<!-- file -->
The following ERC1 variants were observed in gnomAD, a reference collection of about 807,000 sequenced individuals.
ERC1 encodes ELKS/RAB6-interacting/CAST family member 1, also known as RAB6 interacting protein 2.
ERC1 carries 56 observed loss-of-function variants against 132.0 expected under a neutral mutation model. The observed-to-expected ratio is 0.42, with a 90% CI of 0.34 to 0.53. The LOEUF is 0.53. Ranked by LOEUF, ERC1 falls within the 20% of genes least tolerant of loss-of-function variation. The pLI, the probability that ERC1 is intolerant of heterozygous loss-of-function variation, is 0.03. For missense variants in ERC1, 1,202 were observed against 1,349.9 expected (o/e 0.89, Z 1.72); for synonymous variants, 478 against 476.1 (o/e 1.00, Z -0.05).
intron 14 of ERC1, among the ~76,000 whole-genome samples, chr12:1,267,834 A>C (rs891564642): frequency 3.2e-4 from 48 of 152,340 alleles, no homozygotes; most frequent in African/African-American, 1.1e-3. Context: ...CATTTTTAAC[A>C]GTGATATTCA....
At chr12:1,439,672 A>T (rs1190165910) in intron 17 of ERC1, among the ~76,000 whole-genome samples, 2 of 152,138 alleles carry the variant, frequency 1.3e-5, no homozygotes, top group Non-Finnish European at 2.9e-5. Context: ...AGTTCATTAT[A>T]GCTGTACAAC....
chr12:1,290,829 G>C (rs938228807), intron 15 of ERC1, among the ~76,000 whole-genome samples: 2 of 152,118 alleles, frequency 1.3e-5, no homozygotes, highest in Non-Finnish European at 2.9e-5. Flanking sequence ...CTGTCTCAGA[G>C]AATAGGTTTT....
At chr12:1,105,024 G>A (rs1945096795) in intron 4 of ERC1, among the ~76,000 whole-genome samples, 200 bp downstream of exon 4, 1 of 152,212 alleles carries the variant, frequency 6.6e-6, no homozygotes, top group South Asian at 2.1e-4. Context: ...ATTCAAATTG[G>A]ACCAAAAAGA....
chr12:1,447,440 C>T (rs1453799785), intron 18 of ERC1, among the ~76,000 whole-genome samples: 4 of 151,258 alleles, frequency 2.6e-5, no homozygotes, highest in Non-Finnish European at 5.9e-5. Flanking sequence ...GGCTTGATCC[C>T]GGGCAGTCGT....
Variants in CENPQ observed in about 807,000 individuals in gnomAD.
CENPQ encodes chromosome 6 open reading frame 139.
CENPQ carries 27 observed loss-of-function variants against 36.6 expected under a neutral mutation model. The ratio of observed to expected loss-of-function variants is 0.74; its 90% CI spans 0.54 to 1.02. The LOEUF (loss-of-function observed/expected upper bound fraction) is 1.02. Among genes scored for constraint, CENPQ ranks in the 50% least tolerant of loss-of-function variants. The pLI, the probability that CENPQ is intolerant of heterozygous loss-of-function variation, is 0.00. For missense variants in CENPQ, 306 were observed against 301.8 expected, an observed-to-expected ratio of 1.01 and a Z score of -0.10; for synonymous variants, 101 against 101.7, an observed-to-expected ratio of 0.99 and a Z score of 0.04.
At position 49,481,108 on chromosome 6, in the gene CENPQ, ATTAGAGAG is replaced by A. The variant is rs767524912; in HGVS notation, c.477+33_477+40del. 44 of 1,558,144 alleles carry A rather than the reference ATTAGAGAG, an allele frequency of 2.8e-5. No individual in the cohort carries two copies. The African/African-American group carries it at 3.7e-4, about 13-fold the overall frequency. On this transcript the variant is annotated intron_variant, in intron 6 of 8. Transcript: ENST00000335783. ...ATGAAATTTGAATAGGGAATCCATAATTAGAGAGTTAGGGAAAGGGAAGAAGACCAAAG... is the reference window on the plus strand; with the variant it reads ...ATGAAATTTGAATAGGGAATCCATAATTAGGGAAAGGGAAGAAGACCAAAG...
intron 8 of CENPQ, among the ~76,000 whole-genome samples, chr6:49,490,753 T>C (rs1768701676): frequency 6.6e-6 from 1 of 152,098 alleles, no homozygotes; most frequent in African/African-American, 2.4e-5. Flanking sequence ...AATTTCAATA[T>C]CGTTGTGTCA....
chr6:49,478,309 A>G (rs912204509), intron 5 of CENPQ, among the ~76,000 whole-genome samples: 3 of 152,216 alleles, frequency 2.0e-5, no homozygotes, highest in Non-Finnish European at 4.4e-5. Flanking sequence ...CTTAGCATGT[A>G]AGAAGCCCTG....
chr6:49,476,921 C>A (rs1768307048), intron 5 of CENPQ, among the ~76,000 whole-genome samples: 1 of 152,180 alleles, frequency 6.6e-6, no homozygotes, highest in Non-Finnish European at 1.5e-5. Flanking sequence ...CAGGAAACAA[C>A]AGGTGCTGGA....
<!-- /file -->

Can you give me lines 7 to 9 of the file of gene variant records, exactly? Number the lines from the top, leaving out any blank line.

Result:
At chr12:1,105,024 G>A (rs1945096795) in intron 4 of ERC1, among the ~76,000 whole-genome samples, 200 bp downstream of exon 4, 1 of 152,212 alleles carries the variant, frequency 6.6e-6, no homozygotes, top group South Asian at 2.1e-4. Context: ...ATTCAAATTG[G>A]ACCAAAAAGA....
chr12:1,447,440 C>T (rs1453799785), intron 18 of ERC1, among the ~76,000 whole-genome samples: 4 of 151,258 alleles, frequency 2.6e-5, no homozygotes, highest in Non-Finnish European at 5.9e-5. Flanking sequence ...GGCTTGATCC[C>T]GGGCAGTCGT....
Variants in CENPQ observed in about 807,000 individuals in gnomAD.